Chicks at the beach
Mother chicken

I’ve now added to the list of trip requirements –

5) Where can we chickenwatch?

Georgetown rooster

11 Unexpected Things About Ireland

Ireland was really WPT’s trip. I had a few places I wanted to see, but it was really more about fulfilling a promise I made him several years ago. So expect more in-depth posts from him and some nonsense from me. Starting now…


I expected to drive on the left-side of narrow roads. I had driven on the left before, but that was 15 years ago. What I didn’t expect was to find the drivers in Ireland to be the most polite I’ve ever encountered. I’m used to driving in one of the most aggressive regions in the US. The drivers in Ireland were such a pleasant surprise. Slower cars and trucks pulled over to let faster traffic pass, people took turns merging, and there was friendly waving and a lack of beeping. I shed my East Coast skin of speed and rage and cautiously wound my way around the island.

Driving the Ring of Kerry
Driving the Ring of Kerry

Much like people ask, “Did that tattoo on your foot hurt?” and my response is generally, “Why, yes, it did. Quite a lot.” People similarly ask about driving in Ireland. The narrow, often dark and rainy, winding roads were very challenging. In fact, after driving all day I was completely spent. I was usually rewarded with scotch and a hot bath for my efforts. I should also mention the black ice. Yeah, that was unexpected. I deserved a badge of some kind for dealing with several miles of that shit and not a scratch on the car or any of us. Ultimately, after 1829km, I could hit a roundabout at speed and merge like a pro.

Pointless studying
Pointless studying

We brought several maps with us, but they were useless at times. Actual street names are something of a secret handshake known only to locals and postal carriers. They change block-to-block and I saw one instance where different sides of the same street were known by different names. WPT deserves a badge for navigating.


Oatmeal tastes better when you call it porridge.


People really use selfie sticks. This is weird. We saw one guy with a selfie stick and iPad at the Giant’s Causeway. He appeared to be having a great time with himself.

Selfie Date
Selfie Date


What more could you need?
What more could you need?


Those of you who know me in real life know that my attention is all over the place. I tend to have 2-3 trains of thought going at any given time. Not so in Ireland. I had to concentrate fully while driving. The usual din of brain chatter was quelled. I focused like I hadn’t focused in years (maybe decades). I was thrilled to see it was still possible. An odd side-effect was that my brain was empty and quiet at night. I actually slept. It was amazing.


In the village of Cong there’s not only a statue of John Wayne and Maureen O’Hara, there’s a museum and a gift shop devoted to The Quiet Man. You may want to take a moment and sit on the bench devoted to the movie and reflect on that.

Ireland-0921 Ireland-4554 Ireland-4555Ireland-4555-2


People are downright pleased to see an 8-year-old in a bar, requesting songs, at 10pm on a Tuesday night. The 8-year-old was ours.

I loved the child-friendly attitude and that people were so nice to our son.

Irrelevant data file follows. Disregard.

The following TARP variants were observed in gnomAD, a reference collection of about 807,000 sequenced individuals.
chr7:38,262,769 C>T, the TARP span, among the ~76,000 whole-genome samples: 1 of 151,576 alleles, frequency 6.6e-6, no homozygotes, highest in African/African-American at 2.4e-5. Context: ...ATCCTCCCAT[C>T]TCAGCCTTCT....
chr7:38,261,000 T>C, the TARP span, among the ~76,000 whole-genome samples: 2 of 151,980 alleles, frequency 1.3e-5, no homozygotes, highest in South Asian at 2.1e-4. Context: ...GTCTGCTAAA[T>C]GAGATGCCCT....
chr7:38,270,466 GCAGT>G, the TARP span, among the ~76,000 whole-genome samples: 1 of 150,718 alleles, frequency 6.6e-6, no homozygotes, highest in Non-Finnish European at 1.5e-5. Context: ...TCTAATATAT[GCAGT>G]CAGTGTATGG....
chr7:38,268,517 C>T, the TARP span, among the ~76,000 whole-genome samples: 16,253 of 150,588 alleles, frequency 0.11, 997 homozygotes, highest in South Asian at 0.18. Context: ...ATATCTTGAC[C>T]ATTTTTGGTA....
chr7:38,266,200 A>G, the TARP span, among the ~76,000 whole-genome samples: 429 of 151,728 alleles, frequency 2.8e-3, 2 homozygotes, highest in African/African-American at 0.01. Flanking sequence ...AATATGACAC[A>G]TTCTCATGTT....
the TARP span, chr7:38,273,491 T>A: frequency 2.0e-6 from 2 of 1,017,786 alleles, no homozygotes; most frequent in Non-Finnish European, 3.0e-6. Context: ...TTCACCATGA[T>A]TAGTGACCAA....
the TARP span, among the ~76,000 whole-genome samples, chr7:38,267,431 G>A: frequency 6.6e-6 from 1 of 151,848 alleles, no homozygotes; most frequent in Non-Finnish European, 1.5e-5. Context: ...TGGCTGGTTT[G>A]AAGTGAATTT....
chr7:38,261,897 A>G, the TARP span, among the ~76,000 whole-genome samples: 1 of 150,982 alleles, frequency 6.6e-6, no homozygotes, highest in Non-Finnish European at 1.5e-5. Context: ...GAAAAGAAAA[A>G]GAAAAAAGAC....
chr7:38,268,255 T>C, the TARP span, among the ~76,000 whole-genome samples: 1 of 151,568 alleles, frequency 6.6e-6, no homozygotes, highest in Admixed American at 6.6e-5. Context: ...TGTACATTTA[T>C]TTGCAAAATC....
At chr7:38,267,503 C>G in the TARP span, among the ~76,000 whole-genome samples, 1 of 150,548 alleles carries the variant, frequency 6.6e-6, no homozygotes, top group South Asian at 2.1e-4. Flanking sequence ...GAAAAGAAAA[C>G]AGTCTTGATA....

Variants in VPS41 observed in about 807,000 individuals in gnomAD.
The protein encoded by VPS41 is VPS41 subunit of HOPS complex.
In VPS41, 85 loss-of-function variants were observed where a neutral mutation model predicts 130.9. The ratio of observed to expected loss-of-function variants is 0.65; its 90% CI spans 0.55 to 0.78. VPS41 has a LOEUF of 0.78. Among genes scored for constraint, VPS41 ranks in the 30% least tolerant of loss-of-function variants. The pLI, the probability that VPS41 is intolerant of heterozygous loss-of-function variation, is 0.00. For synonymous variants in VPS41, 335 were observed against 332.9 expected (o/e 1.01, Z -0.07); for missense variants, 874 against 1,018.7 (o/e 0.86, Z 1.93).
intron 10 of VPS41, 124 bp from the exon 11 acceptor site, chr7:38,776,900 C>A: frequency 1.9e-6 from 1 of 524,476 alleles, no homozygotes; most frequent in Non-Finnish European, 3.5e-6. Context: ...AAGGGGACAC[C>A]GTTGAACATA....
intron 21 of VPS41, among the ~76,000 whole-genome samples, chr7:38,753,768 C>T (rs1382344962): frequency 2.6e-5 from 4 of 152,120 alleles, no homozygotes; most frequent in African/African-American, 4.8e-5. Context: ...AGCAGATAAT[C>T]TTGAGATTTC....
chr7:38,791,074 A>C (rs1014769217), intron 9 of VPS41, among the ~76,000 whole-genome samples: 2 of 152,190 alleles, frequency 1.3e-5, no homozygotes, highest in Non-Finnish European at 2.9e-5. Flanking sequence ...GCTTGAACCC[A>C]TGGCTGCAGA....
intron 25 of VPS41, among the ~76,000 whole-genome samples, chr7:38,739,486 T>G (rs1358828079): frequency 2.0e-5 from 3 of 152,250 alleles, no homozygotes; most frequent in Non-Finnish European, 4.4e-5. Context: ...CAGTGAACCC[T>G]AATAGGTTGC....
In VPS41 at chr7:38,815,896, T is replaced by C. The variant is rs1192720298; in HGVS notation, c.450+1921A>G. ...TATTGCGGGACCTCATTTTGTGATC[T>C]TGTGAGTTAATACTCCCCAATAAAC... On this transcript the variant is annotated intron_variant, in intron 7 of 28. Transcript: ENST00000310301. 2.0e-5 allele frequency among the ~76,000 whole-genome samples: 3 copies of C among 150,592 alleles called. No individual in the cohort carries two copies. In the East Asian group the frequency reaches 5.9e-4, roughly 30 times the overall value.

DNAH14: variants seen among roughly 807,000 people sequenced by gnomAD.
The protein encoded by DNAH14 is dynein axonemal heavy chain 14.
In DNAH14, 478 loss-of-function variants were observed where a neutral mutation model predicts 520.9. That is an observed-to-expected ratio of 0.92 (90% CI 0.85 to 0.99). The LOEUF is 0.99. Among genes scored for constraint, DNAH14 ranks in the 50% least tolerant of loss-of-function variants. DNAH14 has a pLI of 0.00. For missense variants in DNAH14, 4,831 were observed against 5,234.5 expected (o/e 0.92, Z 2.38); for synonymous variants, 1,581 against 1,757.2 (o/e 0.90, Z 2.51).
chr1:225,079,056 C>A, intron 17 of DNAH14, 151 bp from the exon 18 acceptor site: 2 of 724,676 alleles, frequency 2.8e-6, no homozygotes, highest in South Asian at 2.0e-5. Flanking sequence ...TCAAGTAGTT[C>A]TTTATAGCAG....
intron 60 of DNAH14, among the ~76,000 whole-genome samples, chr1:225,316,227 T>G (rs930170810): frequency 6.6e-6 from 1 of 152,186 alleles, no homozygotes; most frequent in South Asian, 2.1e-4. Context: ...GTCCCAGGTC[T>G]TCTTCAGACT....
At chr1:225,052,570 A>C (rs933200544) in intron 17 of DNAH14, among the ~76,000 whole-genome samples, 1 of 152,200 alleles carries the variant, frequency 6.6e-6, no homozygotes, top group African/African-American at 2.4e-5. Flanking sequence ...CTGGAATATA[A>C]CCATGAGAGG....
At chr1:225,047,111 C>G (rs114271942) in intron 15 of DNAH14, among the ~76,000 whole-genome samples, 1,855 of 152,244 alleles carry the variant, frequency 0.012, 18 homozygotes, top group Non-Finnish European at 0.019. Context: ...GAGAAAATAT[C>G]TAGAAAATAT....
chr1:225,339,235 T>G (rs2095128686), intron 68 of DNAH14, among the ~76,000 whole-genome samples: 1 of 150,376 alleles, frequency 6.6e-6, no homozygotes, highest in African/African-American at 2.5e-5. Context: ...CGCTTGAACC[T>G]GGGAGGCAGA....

Based on live music we heard, John Denver is very popular in Ireland. Or maybe just the song Country Roads.



Simply undeniably delicious.

10) AIR

For unknown reasons I expected the air to be clean and smell of damp earth and the ocean. Instead it often smelled smoky from all of the wood and peat burning hearths. It was also colder than usual.



There is a constant struggle between the permeating damp and dry heat. The greatest casualties in this war appear to be paint and hair.

Battle of the Split Ends
Battle of the Split Ends

Random Travel Tips

Probably my single biggest tip is the one I have the most trouble remembering. Travel is messy, unplanned, and you can’t control it. Those are reasons I love to travel, but also the reasons my nerves are rather bad at the moment. For all the planning, list-making, packing two weeks in advance, and generally obsessing, there’s nothing you can really do but roll with the punches when you get a staph infection, then a cold, then your kid gets an abscessed tooth, your beloved dog needs medical tests, then as you start to come out from under the cold your partner gets it. All of this a week before the biggest trip you’ve taken in 15 years. A trip you have planned for eight years. A trip that means more than a trip.

But we made it to Boston for our six-hour layover before we head to Dublin. So in an effort to make the most of that time, I thought I would share a few travel tips.


Google maps – if you aren’t sure where you are going, use street view to get a sense of the place and to look for landmarks.

Kayak – when I am looking for flights I often start by plugging dates and cities into Kayak to see what pricing looks like. Often there are tips about better dates and times to travel. I usually end up booking direct to avoid fees, but Kayak is a good place to do research.

Atlas Obscura – like weird places? This website is nothing but weird places and maps and directions to find them.


Roadside America – Like muffler men, giant balls of string, and other roadside attractions? Roadside America offers reviews and lets you know when you are near weird shit in the US.

Pinbox – this app lets you drop pins and information to create personalized maps. They can also be accessed offline.

Happy Cow – Looking for vegetarian food and health food stores when you travel? Happy cow lets you know what is near you, whether they are vegan, vegetarian, or veg-friendly, and offers user reviews.